Title : Precise and Scalable Detection of Double-Fetch Bugs in OS Kernels.
Speaker : Prof. Taesoo Kim ( Georgia Tech )
Date : 2018. 12. 18(Tue) 17:00 ~ 18:00
Location : #201, Woojung Building
During system call execution, it is common for operating system kernels to read userspace memory multiple times (multi-reads). A critical bug may exist if the fetched userspace memory is subject to change across these reads, i.e., a race condition, which is known as a double-fetch bug. Prior works have attempted to detect these bugs both statically and dynamically. However, due to their improper assumptions and imprecise definitions regarding double-fetch bugs, their multi-read detection is inherently limited and suffers from significant false positives and false negatives. For example, their approach is unable to support device emulation, inter-procedural analysis, loop handling, etc. More importantly, they completely leave the task of finding real double-fetch bugs from the haystack of multi-reads to manual verification, which is expensive if possible at all.
In this paper, we first present a formal and precise definition of double-fetch bugs and then implement a static analysis system - Deadline - to automatically detect double-fetch bugs in OS kernels. Deadline uses static program analysis techniques to systematically find multi-reads throughout the kernel and employs specialized symbolic checking to vet each multi-read for double-fetch bugs. We apply Deadline to Linux and FreeBSD kernels and find 23 new bugs in Linux and one new bug in FreeBSD. We further propose four generic strategies to patch and prevent double-fetch bugs based on our study and the discussion with kernel maintainers.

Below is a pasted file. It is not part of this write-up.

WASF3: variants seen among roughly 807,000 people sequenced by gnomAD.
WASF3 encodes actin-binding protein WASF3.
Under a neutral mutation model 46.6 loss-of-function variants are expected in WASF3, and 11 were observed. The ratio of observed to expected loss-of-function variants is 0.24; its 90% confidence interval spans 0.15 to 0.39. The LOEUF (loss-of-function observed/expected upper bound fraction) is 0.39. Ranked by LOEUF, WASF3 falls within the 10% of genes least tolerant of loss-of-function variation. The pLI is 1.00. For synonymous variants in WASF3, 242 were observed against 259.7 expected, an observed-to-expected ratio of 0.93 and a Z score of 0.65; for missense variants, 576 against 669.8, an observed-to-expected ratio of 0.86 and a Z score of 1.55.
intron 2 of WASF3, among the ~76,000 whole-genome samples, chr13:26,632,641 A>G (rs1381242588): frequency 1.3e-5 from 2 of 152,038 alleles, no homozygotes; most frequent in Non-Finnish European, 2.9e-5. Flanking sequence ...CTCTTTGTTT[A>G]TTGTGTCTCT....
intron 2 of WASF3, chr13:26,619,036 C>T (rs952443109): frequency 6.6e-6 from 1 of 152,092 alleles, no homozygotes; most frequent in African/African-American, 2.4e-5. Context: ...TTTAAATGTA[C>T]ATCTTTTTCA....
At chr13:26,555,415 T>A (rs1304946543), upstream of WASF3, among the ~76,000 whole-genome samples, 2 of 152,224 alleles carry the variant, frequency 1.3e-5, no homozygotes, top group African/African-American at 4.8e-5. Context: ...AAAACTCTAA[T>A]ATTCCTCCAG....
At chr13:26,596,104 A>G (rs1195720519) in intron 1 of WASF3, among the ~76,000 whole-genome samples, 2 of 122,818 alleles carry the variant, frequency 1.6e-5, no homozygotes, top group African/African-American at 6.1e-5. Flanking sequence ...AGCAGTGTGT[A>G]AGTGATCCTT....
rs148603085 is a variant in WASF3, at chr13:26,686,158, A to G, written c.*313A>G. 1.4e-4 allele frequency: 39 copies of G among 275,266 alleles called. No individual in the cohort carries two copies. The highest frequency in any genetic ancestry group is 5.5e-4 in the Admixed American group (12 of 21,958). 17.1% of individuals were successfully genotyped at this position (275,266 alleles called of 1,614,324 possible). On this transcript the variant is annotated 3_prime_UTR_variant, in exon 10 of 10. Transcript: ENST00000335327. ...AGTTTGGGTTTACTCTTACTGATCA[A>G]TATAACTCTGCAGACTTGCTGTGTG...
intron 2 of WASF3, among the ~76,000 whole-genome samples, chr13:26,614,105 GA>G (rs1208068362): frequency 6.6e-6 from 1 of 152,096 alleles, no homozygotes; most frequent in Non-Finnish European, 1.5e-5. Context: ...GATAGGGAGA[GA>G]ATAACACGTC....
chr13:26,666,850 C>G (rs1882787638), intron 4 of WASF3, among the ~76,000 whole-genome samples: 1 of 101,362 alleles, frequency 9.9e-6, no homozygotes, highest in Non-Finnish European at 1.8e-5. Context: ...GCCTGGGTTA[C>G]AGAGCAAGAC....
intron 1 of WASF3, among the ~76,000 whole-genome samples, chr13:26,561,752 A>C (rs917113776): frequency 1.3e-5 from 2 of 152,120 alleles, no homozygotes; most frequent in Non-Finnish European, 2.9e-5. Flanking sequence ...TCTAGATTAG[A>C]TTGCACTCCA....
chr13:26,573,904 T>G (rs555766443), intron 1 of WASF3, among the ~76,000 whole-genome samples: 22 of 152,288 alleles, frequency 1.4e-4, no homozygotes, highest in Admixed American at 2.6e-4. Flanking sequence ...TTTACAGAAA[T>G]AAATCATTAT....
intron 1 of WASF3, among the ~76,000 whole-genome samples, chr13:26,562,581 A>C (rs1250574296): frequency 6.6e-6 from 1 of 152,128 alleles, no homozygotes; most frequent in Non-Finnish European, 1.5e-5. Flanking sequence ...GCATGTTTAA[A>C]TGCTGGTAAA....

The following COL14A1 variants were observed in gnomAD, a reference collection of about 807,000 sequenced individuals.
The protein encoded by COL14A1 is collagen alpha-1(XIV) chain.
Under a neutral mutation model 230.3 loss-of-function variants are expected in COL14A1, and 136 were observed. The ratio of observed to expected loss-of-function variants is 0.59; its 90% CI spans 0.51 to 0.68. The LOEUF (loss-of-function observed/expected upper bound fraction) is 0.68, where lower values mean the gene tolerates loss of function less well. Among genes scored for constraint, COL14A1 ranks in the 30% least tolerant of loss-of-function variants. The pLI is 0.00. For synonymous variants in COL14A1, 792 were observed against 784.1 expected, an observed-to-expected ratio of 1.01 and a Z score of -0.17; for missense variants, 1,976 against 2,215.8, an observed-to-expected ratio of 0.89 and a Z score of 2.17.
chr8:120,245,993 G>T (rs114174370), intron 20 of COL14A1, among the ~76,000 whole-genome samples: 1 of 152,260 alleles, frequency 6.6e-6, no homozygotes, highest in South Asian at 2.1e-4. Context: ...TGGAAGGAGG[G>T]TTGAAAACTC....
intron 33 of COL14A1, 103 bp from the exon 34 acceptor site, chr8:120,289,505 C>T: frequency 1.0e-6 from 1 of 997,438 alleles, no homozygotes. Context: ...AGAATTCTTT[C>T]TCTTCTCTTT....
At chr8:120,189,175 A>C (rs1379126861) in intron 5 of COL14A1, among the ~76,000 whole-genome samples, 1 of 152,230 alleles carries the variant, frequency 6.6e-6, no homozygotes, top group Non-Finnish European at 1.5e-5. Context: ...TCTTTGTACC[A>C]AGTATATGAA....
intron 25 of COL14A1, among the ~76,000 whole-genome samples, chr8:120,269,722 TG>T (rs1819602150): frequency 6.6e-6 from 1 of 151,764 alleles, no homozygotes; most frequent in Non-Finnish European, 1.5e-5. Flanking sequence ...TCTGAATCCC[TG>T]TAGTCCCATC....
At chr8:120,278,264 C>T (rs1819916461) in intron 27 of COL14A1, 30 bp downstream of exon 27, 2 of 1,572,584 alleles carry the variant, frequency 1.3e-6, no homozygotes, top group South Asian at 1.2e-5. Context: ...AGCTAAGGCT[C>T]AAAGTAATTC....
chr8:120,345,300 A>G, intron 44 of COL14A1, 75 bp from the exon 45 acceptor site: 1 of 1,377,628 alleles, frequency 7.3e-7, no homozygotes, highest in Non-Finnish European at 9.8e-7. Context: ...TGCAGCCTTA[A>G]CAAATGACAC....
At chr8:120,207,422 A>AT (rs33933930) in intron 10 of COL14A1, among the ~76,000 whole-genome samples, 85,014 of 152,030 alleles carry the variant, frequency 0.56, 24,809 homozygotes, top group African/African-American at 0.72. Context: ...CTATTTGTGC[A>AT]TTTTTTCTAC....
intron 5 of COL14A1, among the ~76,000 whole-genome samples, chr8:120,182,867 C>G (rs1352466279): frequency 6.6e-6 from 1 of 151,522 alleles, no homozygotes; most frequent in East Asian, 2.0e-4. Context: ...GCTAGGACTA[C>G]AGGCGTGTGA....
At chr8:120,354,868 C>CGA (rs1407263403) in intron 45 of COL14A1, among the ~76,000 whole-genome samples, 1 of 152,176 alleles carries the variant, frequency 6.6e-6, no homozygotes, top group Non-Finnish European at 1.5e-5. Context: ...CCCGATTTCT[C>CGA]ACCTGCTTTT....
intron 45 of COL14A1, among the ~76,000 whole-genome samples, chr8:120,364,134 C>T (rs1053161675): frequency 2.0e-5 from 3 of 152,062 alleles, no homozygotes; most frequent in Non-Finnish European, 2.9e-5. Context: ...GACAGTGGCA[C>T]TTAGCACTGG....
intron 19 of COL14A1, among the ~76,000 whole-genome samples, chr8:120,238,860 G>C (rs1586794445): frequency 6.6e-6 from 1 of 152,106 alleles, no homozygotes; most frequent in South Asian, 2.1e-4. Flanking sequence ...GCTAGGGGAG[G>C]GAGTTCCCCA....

Precise and Scalable Detection of Double-Fetch Bugs in OS Kernels.
Meng Xu, Chenxiong Qian, Kangjie Lu, Michael Backes, and Taesoo Kim.
In Proceedings of the 39th IEEE Symposium on Security and Privacy (S&P 2018), San Francisco, CA, May 2018.
Taesoo Kim is a Catherine M. and James E. Allchin Early Career, Assistant Professor in the School Computer Science at Georgia Tech. He also serves as the director of the Georgia Tech Systems Software and Security Center (GTS3). He is genuinely interested in building a system that has underline principles for why it should be secure. Those principles include the design of a system, analysis of its implementation, and clear separation of trusted components. His thesis work, in particular, focused on detecting and recovering from attacks on computer systems. He has developed tools that would detect intrusion and discover which parts of the operating system could have been affected, allowing a systems administrator to recover from an attack without excessive manual effort. His thesis work has been a foundation of a company, Nerati, where he has co-founded with colleagues during his graduate study. He holds a BS from KAIST (2009), a SM (2011) and a Ph.D. (2014) from MIT, all in CS.